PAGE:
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Apex court clears NRO

February 28, 2008


ISLAMABAD, Feb 27: The Supreme Court on Wednesday vacated its order of freezing two sections of the National Reconciliation Ordinance 2007, thereby allowing beneficiaries to enjoy the fruit of the ordinance.

The ordinance was promulgated by President Pervez Musharraf in October last year to provide amnesty to public office-holders charged in corruption cases between 1986 and 1999.

A five-member bench of the apex court comprising Chief Justice Abdul Hameed Dogar, Justice Mohammad Nawaz Abbasi, Justice Faqir Mohammad Khokhar, Justice Ijaz-ul-Hassan and Justice Chaudhry Ejaz Yousaf also dismissed three of the five identical petitions moved against the NRO because their counsel were not present to pursue the case.

The court ordered deletion of a paragraph from the order inserted earlier on the directives of a pre-emergency bench headed by deposed Chief Justice Iftikhar Mohammad Chaudhry preventing the beneficiaries of the ordinance from claiming any protection of a concluded action in any pending cases under sections 6 and 7 of the NRO. The apex court asked the courts concerned to pursue pending cases with them in accordance with the ordinance which now was a law.

On Oct 12, 2007, a bench had described the ordinance as being against the public interest because it gave a blanket cover to people having committed corruption and held that any action and benefit drawn or intended to be drawn by any of the public office-holders would be subjected to the decision of the pending petitions.

Main beneficiaries of the law are the MQM, PML-Q, PML-N and PPP and some former bureaucrats and military officers.

On Wednesday, the court dismissed the petitions filed by PML-N president Shahbaz Sharif, Jamaat-i-Islami chief Qazi Hussain and Tariq Asad. Advocates-on-record of Mr Sharif and Qazi Hussain Ahmed told the court that they had no instruction to pursue the case while Tariq Asad was not present.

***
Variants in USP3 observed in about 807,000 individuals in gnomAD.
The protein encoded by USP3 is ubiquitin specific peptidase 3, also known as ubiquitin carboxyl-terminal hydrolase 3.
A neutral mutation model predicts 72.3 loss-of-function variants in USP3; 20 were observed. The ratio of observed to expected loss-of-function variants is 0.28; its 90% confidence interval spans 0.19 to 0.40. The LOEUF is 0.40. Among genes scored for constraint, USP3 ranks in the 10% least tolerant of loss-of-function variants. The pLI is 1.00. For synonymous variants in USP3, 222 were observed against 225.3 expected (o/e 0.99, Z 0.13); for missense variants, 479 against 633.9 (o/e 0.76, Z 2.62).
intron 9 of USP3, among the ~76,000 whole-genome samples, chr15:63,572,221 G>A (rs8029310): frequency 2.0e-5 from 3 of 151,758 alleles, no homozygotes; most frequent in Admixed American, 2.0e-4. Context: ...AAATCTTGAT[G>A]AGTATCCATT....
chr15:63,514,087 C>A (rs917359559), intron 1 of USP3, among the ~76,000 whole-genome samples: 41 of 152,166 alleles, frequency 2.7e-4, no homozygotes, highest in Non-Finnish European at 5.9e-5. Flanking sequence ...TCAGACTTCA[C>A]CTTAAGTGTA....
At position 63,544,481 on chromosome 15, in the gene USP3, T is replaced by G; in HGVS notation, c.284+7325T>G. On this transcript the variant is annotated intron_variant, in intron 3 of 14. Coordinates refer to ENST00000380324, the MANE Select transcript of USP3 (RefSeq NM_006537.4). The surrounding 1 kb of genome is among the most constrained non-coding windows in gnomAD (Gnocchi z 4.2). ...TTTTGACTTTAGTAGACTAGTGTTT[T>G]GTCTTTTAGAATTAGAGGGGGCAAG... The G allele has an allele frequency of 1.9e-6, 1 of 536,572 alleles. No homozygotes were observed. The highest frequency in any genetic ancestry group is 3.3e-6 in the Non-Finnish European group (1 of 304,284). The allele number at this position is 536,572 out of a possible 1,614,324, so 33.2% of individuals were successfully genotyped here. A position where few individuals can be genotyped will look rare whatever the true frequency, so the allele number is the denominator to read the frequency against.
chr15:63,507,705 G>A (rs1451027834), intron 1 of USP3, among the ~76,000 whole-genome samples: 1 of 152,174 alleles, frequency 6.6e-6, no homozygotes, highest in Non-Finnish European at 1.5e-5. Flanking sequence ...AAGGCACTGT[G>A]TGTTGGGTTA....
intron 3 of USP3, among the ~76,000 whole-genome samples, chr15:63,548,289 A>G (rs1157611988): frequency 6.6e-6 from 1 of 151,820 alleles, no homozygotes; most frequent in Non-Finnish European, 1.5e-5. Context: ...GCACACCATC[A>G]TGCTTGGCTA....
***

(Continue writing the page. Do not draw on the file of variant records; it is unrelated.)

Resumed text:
Former PPP stalwart Dr Mubashar Hasan and retired bureaucrat Roedad Khan pleaded for adjournment till March 14 saying their counsel Abdul Hafeez Pirzada was abroad for medical reasons and doctors had advised him not to travel for at least a week.

“Since I took part in the passage of the 1973 Constitution, therefore, I intimately know what the national reconciliation means,” Dr Hasan said, adding that these were extraordinary times and the country was in turmoil.

Attorney General Malik Mohammad Qayyum said the matter deserved immediate attention, but it was ironic that none of the counsel was present in the court.

He argued that under the Provisional Constitution Order and the recent judgment of the Supreme Court in the Nov 3 emergency case, the NRO was protected and had assumed a permanent character and could be undone only by parliament.

“Ordinarily the life of the ordinance is only four months, but under Article 5(1)(2) of the Nov 3 PCO, the NRO is protected,” he said.

Advocates general of Balochistan, Sindh and the NWFP and the prosecutor general of National Accountability Bureau were present during the hearing.

In their pleas, the petitioners had argued that the president had no authority to suspend or give indemnity on pending cases.